This week's editor

Alex Sakalis, Editor

Alex Sakalis is associate editor of openDemocracy and co-edits the Can Europe Make It? page.

Constitutional conventions: best practice

Ayotzinapa: the events that shook the Mexican youth

These protests did not oust the government of Peña Nieto, although they demanded the resignation of the president, but they did force the government to react and try to explain what had happened. 

A year of Modi Raj – India in crisis

Middle and upper class Indians see no crisis. The media fails to inform them that 75% upwards are too often suffering not only neglect but massive state violence and terror.

Markets of the mind

Debt and guilt have much in common. It’s time we found better ways of organising both ourselves and the economy.

Suppressed at home, neglected abroad, Ethiopian migrants

The May 24 election, contrary to US Under Secretary of State Wendy Sherman’s misjudged and widely criticized comments, is a hollow piece of democratic theatre.

Brazil in decline?

The sluggish economic situation is much less worrisome to Brazil’s future than the measures being approved in the National Congress.

Scandal and silence in Lisboa

I am not an “austerity refugee”, the author tells our partners, Precarious Europe. In fact, my family has had a role to play in the suffering of millions of Portuguese workers.

Deficits in the EU that should worry Europeans

In Greece for the first time the EU authorities demand a government complete a programme that it has neither designed nor has a democratic mandate to implement.

In defence of wellbeing

Serious consideration of happiness is critical to the prospects of radical change in society: a response to William Davies.

Mercury rising: three crunch points on climate change this summer

There are major battles ahead for the climate movement. They can be fought – and won.

Europe’s migration crisis: central Europe’s dangerous game

Should a serious migration crisis erupt as a result of conflict escalation in Ukraine, the odds are that the V4 would need assistance through exactly the kind of EU solidarity mechanism they now oppose.

Smoke and mirrors over 'Brexit': key questions on the path to the EU referendum

Cameron has unleashed a process he won't be fully able to control, having major impacts on the UK's political dynamics and its constitutional future at home and in the EU over the next two years.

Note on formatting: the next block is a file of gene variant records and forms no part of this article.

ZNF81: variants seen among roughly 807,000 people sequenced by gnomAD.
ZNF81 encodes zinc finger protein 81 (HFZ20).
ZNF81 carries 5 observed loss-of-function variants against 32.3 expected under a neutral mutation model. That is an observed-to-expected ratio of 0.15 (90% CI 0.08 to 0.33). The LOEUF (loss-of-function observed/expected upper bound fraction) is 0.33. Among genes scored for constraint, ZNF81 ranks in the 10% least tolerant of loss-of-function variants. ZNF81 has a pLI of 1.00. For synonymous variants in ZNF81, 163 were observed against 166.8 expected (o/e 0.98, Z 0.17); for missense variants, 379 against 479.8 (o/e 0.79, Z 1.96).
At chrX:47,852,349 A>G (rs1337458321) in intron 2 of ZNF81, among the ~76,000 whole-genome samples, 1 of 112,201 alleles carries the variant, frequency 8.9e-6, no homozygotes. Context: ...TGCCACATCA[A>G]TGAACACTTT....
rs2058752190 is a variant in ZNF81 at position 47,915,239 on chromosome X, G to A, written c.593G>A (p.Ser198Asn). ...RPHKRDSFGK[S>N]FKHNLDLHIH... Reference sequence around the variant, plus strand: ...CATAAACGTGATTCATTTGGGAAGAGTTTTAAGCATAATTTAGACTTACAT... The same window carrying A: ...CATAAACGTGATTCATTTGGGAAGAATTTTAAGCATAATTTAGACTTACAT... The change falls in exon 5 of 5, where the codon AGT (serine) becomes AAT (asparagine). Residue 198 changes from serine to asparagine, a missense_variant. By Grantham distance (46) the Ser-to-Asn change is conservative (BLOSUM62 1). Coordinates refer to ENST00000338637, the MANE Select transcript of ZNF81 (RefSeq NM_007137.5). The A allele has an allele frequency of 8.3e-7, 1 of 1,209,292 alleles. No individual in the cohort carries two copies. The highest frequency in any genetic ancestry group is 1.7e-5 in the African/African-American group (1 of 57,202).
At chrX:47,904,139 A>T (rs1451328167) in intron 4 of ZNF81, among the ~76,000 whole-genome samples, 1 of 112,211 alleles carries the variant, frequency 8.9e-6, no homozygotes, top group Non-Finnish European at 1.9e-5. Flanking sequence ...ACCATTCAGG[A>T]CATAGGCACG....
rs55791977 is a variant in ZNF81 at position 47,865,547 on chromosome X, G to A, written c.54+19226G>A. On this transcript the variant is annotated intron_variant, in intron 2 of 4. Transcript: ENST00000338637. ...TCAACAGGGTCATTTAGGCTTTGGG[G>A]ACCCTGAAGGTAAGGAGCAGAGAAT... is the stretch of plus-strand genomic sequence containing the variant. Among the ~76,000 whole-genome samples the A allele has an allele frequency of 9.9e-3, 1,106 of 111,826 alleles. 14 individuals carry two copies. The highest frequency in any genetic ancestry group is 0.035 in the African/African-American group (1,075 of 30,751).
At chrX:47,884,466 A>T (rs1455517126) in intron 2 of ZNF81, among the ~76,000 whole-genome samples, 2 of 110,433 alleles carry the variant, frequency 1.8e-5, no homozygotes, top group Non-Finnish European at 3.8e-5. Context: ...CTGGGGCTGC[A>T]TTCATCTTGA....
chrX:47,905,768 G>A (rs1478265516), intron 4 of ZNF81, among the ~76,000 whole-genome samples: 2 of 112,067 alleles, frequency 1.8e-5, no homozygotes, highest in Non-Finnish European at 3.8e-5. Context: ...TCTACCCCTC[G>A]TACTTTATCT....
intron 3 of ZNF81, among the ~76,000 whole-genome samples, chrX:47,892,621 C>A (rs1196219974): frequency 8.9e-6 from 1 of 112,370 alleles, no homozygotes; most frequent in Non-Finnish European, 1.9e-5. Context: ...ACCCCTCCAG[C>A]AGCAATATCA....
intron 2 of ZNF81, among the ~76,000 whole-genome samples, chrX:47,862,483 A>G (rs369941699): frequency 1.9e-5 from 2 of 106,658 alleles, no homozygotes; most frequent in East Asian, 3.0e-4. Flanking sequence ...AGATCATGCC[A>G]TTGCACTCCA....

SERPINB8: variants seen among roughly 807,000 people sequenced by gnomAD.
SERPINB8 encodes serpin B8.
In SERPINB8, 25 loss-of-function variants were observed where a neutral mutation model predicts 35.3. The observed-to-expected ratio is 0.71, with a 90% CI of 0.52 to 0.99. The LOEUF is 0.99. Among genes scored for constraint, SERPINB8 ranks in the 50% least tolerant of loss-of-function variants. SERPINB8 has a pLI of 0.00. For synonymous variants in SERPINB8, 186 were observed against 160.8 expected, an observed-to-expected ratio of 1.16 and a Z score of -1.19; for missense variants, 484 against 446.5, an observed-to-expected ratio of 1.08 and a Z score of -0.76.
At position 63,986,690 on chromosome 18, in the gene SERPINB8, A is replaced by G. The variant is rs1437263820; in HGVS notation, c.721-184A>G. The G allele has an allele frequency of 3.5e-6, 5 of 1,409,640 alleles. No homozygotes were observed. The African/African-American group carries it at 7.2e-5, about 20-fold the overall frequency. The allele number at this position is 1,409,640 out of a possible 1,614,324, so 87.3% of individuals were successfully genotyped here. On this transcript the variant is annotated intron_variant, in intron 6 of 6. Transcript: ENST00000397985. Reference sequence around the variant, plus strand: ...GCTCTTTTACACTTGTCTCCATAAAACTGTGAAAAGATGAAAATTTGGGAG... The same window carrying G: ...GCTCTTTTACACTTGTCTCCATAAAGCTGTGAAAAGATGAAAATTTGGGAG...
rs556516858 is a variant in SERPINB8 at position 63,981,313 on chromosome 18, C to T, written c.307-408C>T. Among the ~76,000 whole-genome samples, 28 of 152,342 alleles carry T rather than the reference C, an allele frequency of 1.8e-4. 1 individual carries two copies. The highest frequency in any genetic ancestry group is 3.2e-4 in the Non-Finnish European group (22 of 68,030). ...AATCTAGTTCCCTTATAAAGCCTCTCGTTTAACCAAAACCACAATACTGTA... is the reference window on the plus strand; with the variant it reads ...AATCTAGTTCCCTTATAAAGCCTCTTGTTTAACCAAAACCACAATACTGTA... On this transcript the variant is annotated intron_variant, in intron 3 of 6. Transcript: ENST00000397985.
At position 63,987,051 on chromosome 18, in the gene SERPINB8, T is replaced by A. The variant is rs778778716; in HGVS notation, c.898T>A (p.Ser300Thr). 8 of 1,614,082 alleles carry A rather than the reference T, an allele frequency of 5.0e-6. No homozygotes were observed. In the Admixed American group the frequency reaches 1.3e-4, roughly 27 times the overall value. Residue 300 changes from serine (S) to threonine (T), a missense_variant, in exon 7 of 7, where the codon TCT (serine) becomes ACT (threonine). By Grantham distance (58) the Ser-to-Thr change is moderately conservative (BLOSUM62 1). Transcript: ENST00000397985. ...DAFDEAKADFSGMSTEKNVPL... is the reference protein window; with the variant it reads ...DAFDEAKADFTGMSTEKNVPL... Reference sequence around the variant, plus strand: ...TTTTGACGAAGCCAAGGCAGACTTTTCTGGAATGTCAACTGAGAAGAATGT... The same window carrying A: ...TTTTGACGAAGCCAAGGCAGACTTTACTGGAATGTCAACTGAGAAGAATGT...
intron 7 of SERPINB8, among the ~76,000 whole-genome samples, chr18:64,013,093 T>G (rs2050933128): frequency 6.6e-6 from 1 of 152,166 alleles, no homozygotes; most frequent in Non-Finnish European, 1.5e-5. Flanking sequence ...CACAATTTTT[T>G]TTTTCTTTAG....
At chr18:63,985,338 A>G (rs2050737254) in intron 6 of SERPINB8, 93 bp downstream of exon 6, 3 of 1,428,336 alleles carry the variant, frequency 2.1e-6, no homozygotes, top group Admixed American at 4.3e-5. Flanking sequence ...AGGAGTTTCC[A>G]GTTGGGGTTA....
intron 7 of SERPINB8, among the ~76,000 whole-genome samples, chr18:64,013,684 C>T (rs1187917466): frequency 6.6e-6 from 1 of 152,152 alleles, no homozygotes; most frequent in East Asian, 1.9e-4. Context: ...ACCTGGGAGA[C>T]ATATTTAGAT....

A ‘hero’ for the twenty-first century: meet the CEO politician

In the twenty-first century, politicians behave more like CEOs. When voters are seen as shareholder citizens, what is left for democracy?

Is social enterprise becoming a reactionary force?

Are 'benefit corporations' the harbinger of progressive change in the economy, or the soft edge of efforts to conserve the legitimacy of capitalism with a few marginal adjustments?

The dangers of a blanket ban: ‘hawalas’ in Kenya

The closure of Somali remittance firms in Kenya, as a direct response to Al-Shabaab, only means cutting off one of the few pro-poor financial systems that exist.

Negotiating the Greek public debt: wrong finance minister was fired

Expenditure reduction leads to falling household incomes, contraction in public services and a rising incidence of poverty, all without progress toward the professed goal, reduction in the nominal public debt.

Economic reforms for Tunisia in 2015 and beyond

It is just as important for Tunisia to address economic as security threats. Three key reforms can help maintain gains and fix pressing problems.

Nepal: natural disaster, unnatural suffering

Shockingly, none of the funds that have been pledged by international donors have actually been transferred to Nepal. We know rapid response is possible when security or economic interests are threatened.

Liberty, Equality, Fraternity ... and welfare

How do the political camps map their favourite welfare policies onto political values? A report from the Ax:son Johnson Foundation seminar on the future of the welfare state